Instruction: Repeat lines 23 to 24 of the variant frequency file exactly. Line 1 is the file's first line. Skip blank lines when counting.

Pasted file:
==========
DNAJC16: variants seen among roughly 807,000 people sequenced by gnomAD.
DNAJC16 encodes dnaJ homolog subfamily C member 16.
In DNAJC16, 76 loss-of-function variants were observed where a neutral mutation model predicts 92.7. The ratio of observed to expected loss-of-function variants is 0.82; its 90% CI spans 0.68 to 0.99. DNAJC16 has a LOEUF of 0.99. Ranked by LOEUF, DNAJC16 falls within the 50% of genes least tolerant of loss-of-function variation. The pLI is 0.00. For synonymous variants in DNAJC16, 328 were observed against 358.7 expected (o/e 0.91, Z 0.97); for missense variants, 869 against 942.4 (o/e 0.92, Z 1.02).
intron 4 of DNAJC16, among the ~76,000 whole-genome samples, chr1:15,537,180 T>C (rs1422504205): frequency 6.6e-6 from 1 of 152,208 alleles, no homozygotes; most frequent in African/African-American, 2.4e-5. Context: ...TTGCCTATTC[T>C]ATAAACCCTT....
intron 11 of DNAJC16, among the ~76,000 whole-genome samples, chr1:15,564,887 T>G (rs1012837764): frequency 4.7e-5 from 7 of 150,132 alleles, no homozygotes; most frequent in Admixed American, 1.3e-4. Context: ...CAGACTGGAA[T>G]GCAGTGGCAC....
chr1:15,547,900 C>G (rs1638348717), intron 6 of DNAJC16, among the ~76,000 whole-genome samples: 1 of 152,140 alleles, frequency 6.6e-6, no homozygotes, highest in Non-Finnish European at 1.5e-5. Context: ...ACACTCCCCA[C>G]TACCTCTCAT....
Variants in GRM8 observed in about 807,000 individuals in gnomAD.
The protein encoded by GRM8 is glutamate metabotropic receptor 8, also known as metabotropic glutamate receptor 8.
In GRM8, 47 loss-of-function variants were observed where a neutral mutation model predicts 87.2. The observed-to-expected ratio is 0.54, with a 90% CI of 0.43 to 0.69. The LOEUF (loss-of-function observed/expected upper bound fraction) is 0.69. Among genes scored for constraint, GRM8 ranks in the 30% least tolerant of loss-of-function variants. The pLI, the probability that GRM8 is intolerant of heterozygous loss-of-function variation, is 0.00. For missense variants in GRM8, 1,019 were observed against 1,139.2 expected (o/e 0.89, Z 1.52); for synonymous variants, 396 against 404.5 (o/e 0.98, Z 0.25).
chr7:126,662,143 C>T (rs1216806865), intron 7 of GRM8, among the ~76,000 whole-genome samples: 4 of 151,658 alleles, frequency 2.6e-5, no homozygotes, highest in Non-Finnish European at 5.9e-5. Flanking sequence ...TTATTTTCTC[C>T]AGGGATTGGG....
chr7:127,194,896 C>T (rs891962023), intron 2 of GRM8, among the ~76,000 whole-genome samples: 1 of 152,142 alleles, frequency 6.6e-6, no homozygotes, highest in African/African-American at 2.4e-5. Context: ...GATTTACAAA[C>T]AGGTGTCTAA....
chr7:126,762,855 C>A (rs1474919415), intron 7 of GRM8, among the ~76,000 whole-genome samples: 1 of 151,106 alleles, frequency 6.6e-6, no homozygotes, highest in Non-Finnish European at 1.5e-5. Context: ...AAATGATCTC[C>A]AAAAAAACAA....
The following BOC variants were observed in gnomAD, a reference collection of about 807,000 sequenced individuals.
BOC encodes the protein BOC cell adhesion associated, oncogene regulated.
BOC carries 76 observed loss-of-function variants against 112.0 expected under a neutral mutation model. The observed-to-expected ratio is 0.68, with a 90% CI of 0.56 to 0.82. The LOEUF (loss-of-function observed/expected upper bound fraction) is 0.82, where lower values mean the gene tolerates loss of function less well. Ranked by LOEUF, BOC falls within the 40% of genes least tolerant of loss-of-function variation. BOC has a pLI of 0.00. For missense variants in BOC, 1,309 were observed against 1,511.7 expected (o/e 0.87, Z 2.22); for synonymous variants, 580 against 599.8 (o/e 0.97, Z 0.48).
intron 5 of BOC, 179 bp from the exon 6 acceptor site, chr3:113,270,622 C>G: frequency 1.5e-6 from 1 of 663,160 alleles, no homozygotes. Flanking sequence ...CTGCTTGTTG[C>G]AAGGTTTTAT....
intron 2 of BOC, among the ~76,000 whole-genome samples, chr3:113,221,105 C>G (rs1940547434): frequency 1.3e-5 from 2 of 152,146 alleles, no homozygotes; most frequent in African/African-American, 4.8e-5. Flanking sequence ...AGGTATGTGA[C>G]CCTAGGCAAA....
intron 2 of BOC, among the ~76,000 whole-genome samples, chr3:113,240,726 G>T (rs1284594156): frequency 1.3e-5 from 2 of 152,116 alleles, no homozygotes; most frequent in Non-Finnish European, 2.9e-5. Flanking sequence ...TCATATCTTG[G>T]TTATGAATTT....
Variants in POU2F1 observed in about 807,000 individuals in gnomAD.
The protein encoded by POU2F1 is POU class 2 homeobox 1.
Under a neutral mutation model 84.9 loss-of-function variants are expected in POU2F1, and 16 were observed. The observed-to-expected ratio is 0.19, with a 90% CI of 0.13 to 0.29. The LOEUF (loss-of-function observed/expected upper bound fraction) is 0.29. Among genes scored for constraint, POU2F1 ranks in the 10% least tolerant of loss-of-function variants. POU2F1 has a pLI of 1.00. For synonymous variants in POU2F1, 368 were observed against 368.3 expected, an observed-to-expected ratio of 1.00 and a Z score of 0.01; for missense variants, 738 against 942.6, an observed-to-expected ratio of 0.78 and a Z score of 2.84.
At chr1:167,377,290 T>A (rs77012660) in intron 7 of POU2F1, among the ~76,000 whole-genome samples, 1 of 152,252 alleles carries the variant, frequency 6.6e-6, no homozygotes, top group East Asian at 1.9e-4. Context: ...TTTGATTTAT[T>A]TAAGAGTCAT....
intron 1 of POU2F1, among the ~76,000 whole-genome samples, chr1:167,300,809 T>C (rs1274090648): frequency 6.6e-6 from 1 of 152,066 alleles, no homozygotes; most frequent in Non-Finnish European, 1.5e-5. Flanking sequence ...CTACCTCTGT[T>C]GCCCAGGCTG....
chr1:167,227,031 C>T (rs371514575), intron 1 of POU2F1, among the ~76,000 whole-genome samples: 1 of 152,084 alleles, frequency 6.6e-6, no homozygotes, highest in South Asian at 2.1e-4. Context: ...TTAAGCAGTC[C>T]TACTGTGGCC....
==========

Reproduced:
intron 1 of POU2F1, among the ~76,000 whole-genome samples, chr1:167,300,809 T>C (rs1274090648): frequency 6.6e-6 from 1 of 152,066 alleles, no homozygotes; most frequent in Non-Finnish European, 1.5e-5. Flanking sequence ...CTACCTCTGT[T>C]GCCCAGGCTG....
chr1:167,227,031 C>T (rs371514575), intron 1 of POU2F1, among the ~76,000 whole-genome samples: 1 of 152,084 alleles, frequency 6.6e-6, no homozygotes, highest in South Asian at 2.1e-4. Context: ...TTAAGCAGTC[C>T]TACTGTGGCC....